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The 48h National Educational Conference of the A. Philip Randolph Institute convenes during a most challenging time, but it is also a time full of opportunities to advance the cause of social and economic justice for working families across this nation.
Our Labor Movement is being plagued with growth and program challenges at both the local, state and national levels.
The AFL-CIO's constituency groups—the A. Philip Randolph Institute, Asian Pacific American Labor Alliance, Coalition of Black Trade Unionists, Coalition of Labor Union Women, Labor Council for Latin American Advancement and Pride At Work—are unions' bridge to diverse communities, creating and strengthening partnerships to enhance the standard of living for all workers and their families.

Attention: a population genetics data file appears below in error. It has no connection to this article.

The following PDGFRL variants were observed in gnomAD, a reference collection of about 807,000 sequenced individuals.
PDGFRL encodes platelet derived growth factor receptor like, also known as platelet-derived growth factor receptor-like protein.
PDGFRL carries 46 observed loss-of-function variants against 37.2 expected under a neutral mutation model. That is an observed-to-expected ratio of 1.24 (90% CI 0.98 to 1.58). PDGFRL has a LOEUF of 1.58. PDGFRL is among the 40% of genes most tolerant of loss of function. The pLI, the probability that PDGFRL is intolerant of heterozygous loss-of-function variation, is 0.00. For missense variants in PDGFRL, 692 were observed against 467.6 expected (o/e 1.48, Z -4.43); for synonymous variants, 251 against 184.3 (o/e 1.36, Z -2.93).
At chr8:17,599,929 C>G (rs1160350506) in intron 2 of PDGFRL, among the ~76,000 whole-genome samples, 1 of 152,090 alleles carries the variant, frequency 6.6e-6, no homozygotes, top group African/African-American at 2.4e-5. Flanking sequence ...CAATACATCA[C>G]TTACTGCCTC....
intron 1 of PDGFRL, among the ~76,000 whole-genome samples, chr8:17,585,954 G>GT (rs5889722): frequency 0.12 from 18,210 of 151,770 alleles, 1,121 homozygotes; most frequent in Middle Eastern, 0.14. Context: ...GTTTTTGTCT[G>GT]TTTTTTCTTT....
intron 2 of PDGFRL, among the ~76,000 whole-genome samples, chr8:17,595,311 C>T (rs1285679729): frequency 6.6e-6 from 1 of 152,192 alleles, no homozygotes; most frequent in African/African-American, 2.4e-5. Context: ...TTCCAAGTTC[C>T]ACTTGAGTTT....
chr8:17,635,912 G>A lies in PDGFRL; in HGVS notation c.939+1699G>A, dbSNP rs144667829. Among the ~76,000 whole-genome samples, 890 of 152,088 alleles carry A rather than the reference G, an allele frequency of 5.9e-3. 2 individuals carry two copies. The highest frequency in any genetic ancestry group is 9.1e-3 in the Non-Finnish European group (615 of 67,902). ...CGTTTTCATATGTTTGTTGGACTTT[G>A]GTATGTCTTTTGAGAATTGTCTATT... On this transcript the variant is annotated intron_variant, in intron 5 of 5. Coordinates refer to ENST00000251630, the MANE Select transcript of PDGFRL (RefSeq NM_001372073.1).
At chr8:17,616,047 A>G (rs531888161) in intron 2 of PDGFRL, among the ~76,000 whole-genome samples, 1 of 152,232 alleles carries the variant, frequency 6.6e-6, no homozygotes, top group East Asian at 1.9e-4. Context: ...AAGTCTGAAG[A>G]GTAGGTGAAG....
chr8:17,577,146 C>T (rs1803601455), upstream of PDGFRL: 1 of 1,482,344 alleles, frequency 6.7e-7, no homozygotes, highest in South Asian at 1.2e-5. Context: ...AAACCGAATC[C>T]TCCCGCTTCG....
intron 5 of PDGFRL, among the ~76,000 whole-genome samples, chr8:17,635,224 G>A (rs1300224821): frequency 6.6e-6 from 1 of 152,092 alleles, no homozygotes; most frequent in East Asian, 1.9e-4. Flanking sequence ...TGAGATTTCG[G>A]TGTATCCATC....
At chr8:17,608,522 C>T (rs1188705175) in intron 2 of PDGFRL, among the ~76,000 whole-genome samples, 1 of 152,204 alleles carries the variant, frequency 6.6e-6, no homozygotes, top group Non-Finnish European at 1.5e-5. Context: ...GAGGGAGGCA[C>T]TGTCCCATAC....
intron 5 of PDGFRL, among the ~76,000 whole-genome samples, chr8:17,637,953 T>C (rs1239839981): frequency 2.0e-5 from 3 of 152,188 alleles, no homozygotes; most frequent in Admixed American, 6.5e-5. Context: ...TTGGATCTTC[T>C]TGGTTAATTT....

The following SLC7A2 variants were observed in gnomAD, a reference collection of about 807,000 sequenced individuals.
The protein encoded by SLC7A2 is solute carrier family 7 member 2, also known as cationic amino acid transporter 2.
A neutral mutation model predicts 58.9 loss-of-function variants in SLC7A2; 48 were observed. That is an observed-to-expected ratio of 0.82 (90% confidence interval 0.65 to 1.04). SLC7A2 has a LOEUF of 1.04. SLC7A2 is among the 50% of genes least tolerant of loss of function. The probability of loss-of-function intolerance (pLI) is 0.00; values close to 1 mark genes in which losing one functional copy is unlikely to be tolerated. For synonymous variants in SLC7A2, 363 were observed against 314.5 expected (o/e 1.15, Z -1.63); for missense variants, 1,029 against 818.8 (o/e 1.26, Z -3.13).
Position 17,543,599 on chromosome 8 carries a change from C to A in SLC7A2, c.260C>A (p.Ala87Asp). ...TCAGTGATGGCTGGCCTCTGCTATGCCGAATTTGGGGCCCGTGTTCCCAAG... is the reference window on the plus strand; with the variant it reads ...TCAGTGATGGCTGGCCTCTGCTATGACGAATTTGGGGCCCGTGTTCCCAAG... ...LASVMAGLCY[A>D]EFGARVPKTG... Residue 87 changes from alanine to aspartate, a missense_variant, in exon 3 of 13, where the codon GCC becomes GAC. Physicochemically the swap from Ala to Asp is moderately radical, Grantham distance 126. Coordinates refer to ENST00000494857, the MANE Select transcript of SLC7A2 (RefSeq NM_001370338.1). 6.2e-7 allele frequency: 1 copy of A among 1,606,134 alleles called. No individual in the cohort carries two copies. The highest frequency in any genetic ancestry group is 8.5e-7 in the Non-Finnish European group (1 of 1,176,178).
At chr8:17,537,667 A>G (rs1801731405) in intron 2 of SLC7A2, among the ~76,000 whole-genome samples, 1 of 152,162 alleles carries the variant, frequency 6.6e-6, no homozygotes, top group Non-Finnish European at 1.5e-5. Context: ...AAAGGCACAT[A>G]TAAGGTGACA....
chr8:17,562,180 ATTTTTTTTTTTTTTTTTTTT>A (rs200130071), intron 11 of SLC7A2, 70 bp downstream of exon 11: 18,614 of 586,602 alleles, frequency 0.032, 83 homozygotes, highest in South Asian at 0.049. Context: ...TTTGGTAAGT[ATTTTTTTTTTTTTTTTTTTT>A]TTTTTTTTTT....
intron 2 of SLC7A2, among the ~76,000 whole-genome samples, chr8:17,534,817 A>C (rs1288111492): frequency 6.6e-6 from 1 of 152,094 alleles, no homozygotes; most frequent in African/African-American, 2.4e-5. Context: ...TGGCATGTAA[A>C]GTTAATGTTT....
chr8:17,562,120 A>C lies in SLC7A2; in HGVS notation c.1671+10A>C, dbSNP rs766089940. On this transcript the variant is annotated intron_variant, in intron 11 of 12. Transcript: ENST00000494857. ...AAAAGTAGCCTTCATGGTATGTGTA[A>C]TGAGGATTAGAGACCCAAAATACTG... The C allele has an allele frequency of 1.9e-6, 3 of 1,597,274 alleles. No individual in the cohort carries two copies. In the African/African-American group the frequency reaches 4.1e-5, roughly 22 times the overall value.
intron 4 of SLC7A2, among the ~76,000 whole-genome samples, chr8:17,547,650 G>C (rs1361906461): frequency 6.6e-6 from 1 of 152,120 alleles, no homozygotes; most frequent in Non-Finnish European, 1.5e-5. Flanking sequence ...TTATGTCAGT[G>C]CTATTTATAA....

The groups also promote the full participation of women and minorities in the union movement and ensure unions hear and respond to the concerns of the communities they represent.
To A. Philip Randolph and Bayard Rustin, APRl's co-founders, the fight for workers' rights and civil rights were inseparable.
Randolph (1889-1979) was the greatest black labor leader in American history and the father of the modern American civil rights movement.
Rustin (1912-1987), a leading civil rights and labor activist and strategist, was the chief organizer of the historic 1963 March on Washington for Jobs and Freedom and Randolph's greatest protege.
Randolph and Rustin forged an alliance between the civil rights movement and the labor movement. They recognized that blacks and working people of all colors share the same goals: political and social freedom and economic justice.